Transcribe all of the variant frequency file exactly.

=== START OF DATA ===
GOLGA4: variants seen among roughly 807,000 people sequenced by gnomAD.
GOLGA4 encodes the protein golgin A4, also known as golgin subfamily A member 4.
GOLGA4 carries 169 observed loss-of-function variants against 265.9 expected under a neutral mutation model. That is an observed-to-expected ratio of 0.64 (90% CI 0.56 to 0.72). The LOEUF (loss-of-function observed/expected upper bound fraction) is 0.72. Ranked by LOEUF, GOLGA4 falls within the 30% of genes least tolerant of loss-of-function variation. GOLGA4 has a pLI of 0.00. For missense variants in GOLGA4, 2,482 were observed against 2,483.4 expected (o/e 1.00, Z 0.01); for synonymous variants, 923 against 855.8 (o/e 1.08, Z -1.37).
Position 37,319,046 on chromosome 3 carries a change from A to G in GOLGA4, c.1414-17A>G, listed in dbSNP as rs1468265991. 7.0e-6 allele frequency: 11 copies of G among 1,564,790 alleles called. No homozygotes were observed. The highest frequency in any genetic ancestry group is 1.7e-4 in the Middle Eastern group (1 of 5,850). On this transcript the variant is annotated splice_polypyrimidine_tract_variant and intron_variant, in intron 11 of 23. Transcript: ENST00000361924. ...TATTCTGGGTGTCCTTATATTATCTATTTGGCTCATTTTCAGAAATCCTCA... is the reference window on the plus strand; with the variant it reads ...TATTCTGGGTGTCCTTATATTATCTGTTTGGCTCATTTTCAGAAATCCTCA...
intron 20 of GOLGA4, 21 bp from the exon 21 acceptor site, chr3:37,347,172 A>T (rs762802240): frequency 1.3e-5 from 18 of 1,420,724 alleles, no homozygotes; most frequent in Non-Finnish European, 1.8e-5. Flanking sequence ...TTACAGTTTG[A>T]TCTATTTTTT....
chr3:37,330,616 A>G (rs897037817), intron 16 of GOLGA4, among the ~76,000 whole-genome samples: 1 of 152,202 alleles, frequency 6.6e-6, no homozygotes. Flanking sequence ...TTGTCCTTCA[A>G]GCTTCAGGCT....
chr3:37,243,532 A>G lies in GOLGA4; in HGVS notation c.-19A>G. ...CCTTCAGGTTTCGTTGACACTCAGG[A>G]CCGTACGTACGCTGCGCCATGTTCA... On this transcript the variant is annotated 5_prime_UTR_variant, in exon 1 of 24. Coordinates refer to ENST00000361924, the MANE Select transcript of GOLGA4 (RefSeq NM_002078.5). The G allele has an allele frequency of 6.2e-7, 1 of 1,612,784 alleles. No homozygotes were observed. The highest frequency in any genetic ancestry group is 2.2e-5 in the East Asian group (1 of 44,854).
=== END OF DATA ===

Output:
GOLGA4: variants seen among roughly 807,000 people sequenced by gnomAD.
GOLGA4 encodes the protein golgin A4, also known as golgin subfamily A member 4.
GOLGA4 carries 169 observed loss-of-function variants against 265.9 expected under a neutral mutation model. That is an observed-to-expected ratio of 0.64 (90% CI 0.56 to 0.72). The LOEUF (loss-of-function observed/expected upper bound fraction) is 0.72. Ranked by LOEUF, GOLGA4 falls within the 30% of genes least tolerant of loss-of-function variation. GOLGA4 has a pLI of 0.00. For missense variants in GOLGA4, 2,482 were observed against 2,483.4 expected (o/e 1.00, Z 0.01); for synonymous variants, 923 against 855.8 (o/e 1.08, Z -1.37).
Position 37,319,046 on chromosome 3 carries a change from A to G in GOLGA4, c.1414-17A>G, listed in dbSNP as rs1468265991. 7.0e-6 allele frequency: 11 copies of G among 1,564,790 alleles called. No homozygotes were observed. The highest frequency in any genetic ancestry group is 1.7e-4 in the Middle Eastern group (1 of 5,850). On this transcript the variant is annotated splice_polypyrimidine_tract_variant and intron_variant, in intron 11 of 23. Transcript: ENST00000361924. ...TATTCTGGGTGTCCTTATATTATCTATTTGGCTCATTTTCAGAAATCCTCA... is the reference window on the plus strand; with the variant it reads ...TATTCTGGGTGTCCTTATATTATCTGTTTGGCTCATTTTCAGAAATCCTCA...
intron 20 of GOLGA4, 21 bp from the exon 21 acceptor site, chr3:37,347,172 A>T (rs762802240): frequency 1.3e-5 from 18 of 1,420,724 alleles, no homozygotes; most frequent in Non-Finnish European, 1.8e-5. Flanking sequence ...TTACAGTTTG[A>T]TCTATTTTTT....
chr3:37,330,616 A>G (rs897037817), intron 16 of GOLGA4, among the ~76,000 whole-genome samples: 1 of 152,202 alleles, frequency 6.6e-6, no homozygotes. Flanking sequence ...TTGTCCTTCA[A>G]GCTTCAGGCT....
chr3:37,243,532 A>G lies in GOLGA4; in HGVS notation c.-19A>G. ...CCTTCAGGTTTCGTTGACACTCAGG[A>G]CCGTACGTACGCTGCGCCATGTTCA... On this transcript the variant is annotated 5_prime_UTR_variant, in exon 1 of 24. Coordinates refer to ENST00000361924, the MANE Select transcript of GOLGA4 (RefSeq NM_002078.5). The G allele has an allele frequency of 6.2e-7, 1 of 1,612,784 alleles. No homozygotes were observed. The highest frequency in any genetic ancestry group is 2.2e-5 in the East Asian group (1 of 44,854).